Teaching Profession

1 in 5 Educators Have Been Vaccinated, NEA Survey Finds

By Madeline Will — February 09, 2021 3 min read
Penny Cracas, right, with the Chester County, Pa., Health Department, administers the Moderna COVID-19 vaccine to Robert Dando, a school nurse, late last year in  West Chester, Pa.

About one-fifth of teachers who belong to the nation’s largest teachers’ union have already been vaccinated against the coronavirus, and another 18 percent have scheduled their first shots.

That’s one of the findings from a survey by the National Education Association, which polled 3,305 active K-12 members and 117 higher education members about the COVID-19 vaccine. The results also showed that white members are nearly twice as likely as Black members to have been vaccinated—20 percent compared to 9 percent.

The survey, which was conducted Jan. 5 through Feb. 3, was released today.

As a growing body of evidence shows that in-person learning can be done safely, and more big school districts make plans to open their doors, teacher vaccinations have become a hot-button issue. Some teachers say they don’t feel safe working in person until they’ve received both doses of the vaccine, but that may take some time as the vaccine rollout has been stymied by supply shortages and logistical challenges.

Just over half of states have started vaccinating some or all teachers, according to Education Week’s vaccine tracker. Some big-city teachers’ unions—including in Chicago—have opposed reopening until their members are vaccinated. Rochelle Walensky, the director of the Centers for Disease Control and Prevention, said last week that teacher vaccinations are not a prerequisite for opening school buildings, but the White House said later Walensky was speaking in her “personal capacity” and that official guidelines would be released soon.

See also

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The survey found that two-thirds of NEA members said they would be more willing to return to work in person as a result of the vaccine. Most educators are already back in classrooms, though: Only 29 percent of those surveyed are currently fully remote.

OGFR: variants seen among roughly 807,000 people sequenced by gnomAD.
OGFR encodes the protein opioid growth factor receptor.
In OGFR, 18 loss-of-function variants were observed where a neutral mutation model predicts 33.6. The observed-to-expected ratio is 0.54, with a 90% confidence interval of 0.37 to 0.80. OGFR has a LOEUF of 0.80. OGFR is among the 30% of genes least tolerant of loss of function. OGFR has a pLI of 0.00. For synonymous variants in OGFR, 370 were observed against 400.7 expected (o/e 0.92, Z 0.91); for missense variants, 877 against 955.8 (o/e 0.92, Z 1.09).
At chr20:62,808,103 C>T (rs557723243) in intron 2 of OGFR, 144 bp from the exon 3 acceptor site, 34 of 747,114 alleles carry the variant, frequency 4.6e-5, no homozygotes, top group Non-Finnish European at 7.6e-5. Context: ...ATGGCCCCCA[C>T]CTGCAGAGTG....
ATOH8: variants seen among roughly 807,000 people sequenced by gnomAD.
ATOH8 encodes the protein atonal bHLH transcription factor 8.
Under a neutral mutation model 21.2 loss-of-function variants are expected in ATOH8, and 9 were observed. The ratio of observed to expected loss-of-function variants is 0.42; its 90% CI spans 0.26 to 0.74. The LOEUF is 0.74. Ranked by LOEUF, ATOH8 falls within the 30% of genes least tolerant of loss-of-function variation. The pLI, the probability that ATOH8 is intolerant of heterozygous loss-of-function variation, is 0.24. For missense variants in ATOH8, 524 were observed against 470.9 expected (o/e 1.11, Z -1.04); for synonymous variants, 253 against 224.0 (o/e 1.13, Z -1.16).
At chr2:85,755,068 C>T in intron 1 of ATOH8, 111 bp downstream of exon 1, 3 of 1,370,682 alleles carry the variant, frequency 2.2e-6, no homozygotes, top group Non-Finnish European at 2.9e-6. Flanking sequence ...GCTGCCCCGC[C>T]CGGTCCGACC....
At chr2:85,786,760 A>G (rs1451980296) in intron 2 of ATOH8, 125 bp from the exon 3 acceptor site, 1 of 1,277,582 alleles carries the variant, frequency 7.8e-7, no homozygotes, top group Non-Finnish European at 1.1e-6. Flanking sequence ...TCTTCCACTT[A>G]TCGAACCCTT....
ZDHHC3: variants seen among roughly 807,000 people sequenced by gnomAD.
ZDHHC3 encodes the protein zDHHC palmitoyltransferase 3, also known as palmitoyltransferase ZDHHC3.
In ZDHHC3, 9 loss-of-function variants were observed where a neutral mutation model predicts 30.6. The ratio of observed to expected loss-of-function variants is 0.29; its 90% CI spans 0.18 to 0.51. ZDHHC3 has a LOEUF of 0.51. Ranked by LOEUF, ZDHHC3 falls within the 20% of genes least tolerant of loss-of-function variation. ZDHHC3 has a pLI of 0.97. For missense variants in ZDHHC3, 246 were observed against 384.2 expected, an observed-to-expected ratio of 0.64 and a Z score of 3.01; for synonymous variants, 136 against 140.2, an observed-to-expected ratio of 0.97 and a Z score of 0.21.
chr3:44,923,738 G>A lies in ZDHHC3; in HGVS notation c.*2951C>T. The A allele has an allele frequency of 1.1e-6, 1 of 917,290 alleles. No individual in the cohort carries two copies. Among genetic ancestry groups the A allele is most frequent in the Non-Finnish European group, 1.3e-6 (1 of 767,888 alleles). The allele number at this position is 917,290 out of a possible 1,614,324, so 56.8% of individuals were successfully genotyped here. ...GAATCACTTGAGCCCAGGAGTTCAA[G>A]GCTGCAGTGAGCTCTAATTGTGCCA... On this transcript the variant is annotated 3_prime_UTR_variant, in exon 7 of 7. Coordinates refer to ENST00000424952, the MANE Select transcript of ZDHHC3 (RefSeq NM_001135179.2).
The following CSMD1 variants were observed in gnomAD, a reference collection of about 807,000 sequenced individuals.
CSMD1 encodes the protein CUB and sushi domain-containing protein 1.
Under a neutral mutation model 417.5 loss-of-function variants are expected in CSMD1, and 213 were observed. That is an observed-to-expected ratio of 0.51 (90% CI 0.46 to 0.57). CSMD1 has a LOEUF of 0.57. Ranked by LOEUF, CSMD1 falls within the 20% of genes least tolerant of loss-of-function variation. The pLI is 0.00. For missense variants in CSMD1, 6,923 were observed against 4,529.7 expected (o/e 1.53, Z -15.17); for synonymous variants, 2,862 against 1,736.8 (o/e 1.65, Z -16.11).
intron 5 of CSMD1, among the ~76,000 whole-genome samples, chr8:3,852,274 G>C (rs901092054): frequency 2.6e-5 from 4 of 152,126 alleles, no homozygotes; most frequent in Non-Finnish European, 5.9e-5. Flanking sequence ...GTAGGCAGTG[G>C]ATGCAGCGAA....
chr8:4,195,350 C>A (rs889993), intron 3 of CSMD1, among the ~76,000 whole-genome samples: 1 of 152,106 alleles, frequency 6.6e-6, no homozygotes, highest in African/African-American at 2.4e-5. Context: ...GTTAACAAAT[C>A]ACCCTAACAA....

And the vaccine is not a silver bullet for making teachers feel at ease: Seventy percent of educators said they would feel safer about working in-person as a result of being vaccinated, but only a quarter will feel “much” safer.

About 70 percent of respondents said it was important to keep school buildings closed until the majority of staff have been vaccinated. Nearly all educators indicated support for other safety measures in schools: requiring students and staff who test positive for COVID-19 to isolate according to CDC guidelines, making mask-wearing mandatory, and thoroughly cleaning high-touch surfaces.

NEA President Becky Pringle said in a statement provided to Education Week last week that vaccines, along with rapid tests, can be “gamechangers for safe in-person instruction” and must be made “broadly and equitably available” and accompanied by school virus-mitigation efforts.

In a statement released alongside the survey, Pringle added that “educators want nothing more than to be back to in-person learning with our students. ... [But] most schools, especially those attended by Black, brown, indigenous, and poor white students have severely outdated ventilation systems and no testing or tracing programs to speak of. It’s time to fund proven mitigation strategies—and it’s far past time for every governor to prioritize educator vaccinations.”

Meanwhile, Randi Weingarten, the president of the other national teachers’ union, the American Federation of Teachers, has said schools could reopen safely even before teachers are vaccinated, as long as other conditions, like a robust testing system, are in place.

In some places, teachers may be waiting a while until they have the chance to be vaccinated. Several states, including Florida, Oklahoma, and Texas, have veered away from the CDC recommendations to prioritize school employees, instead basing vaccine eligibility on age and health conditions.


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